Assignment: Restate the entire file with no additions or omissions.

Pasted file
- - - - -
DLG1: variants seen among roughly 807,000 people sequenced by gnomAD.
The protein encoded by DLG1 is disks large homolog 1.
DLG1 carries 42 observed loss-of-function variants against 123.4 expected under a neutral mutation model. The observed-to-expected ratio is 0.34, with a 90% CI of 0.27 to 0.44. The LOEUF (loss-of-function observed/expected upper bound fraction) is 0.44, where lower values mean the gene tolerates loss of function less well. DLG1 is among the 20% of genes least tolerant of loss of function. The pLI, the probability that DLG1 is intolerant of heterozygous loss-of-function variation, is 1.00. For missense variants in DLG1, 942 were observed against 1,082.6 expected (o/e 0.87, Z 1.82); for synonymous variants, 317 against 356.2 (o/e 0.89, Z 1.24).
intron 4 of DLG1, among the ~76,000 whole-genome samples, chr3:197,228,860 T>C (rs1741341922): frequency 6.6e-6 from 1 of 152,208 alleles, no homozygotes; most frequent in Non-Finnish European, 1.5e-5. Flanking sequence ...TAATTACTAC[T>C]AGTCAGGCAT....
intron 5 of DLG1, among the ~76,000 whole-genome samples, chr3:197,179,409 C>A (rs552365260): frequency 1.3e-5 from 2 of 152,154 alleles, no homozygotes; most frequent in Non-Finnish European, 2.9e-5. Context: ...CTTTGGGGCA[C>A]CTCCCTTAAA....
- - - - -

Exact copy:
DLG1: variants seen among roughly 807,000 people sequenced by gnomAD.
The protein encoded by DLG1 is disks large homolog 1.
DLG1 carries 42 observed loss-of-function variants against 123.4 expected under a neutral mutation model. The observed-to-expected ratio is 0.34, with a 90% CI of 0.27 to 0.44. The LOEUF (loss-of-function observed/expected upper bound fraction) is 0.44, where lower values mean the gene tolerates loss of function less well. DLG1 is among the 20% of genes least tolerant of loss of function. The pLI, the probability that DLG1 is intolerant of heterozygous loss-of-function variation, is 1.00. For missense variants in DLG1, 942 were observed against 1,082.6 expected (o/e 0.87, Z 1.82); for synonymous variants, 317 against 356.2 (o/e 0.89, Z 1.24).
intron 4 of DLG1, among the ~76,000 whole-genome samples, chr3:197,228,860 T>C (rs1741341922): frequency 6.6e-6 from 1 of 152,208 alleles, no homozygotes; most frequent in Non-Finnish European, 1.5e-5. Flanking sequence ...TAATTACTAC[T>C]AGTCAGGCAT....
intron 5 of DLG1, among the ~76,000 whole-genome samples, chr3:197,179,409 C>A (rs552365260): frequency 1.3e-5 from 2 of 152,154 alleles, no homozygotes; most frequent in Non-Finnish European, 2.9e-5. Context: ...CTTTGGGGCA[C>A]CTCCCTTAAA....